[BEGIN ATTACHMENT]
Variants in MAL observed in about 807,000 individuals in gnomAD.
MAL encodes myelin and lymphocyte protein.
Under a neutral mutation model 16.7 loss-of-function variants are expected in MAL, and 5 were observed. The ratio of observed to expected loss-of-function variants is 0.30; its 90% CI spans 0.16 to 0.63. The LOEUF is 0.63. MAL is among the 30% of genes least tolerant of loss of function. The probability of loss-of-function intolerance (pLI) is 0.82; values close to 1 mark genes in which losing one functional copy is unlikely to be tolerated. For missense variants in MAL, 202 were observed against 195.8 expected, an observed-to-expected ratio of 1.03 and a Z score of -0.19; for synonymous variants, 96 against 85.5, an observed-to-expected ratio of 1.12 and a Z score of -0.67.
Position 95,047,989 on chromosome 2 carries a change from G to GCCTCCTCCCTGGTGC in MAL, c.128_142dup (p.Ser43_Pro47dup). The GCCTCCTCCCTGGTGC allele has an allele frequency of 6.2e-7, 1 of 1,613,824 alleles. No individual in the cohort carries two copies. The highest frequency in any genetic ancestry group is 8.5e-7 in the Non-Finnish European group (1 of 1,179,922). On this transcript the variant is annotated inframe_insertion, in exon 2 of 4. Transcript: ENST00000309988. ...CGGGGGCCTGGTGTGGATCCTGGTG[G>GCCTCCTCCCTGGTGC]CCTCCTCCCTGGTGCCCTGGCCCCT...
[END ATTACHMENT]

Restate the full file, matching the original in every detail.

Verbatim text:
Variants in MAL observed in about 807,000 individuals in gnomAD.
MAL encodes myelin and lymphocyte protein.
Under a neutral mutation model 16.7 loss-of-function variants are expected in MAL, and 5 were observed. The ratio of observed to expected loss-of-function variants is 0.30; its 90% CI spans 0.16 to 0.63. The LOEUF is 0.63. MAL is among the 30% of genes least tolerant of loss of function. The probability of loss-of-function intolerance (pLI) is 0.82; values close to 1 mark genes in which losing one functional copy is unlikely to be tolerated. For missense variants in MAL, 202 were observed against 195.8 expected, an observed-to-expected ratio of 1.03 and a Z score of -0.19; for synonymous variants, 96 against 85.5, an observed-to-expected ratio of 1.12 and a Z score of -0.67.
Position 95,047,989 on chromosome 2 carries a change from G to GCCTCCTCCCTGGTGC in MAL, c.128_142dup (p.Ser43_Pro47dup). The GCCTCCTCCCTGGTGC allele has an allele frequency of 6.2e-7, 1 of 1,613,824 alleles. No individual in the cohort carries two copies. The highest frequency in any genetic ancestry group is 8.5e-7 in the Non-Finnish European group (1 of 1,179,922). On this transcript the variant is annotated inframe_insertion, in exon 2 of 4. Transcript: ENST00000309988. ...CGGGGGCCTGGTGTGGATCCTGGTG[G>GCCTCCTCCCTGGTGC]CCTCCTCCCTGGTGCCCTGGCCCCT...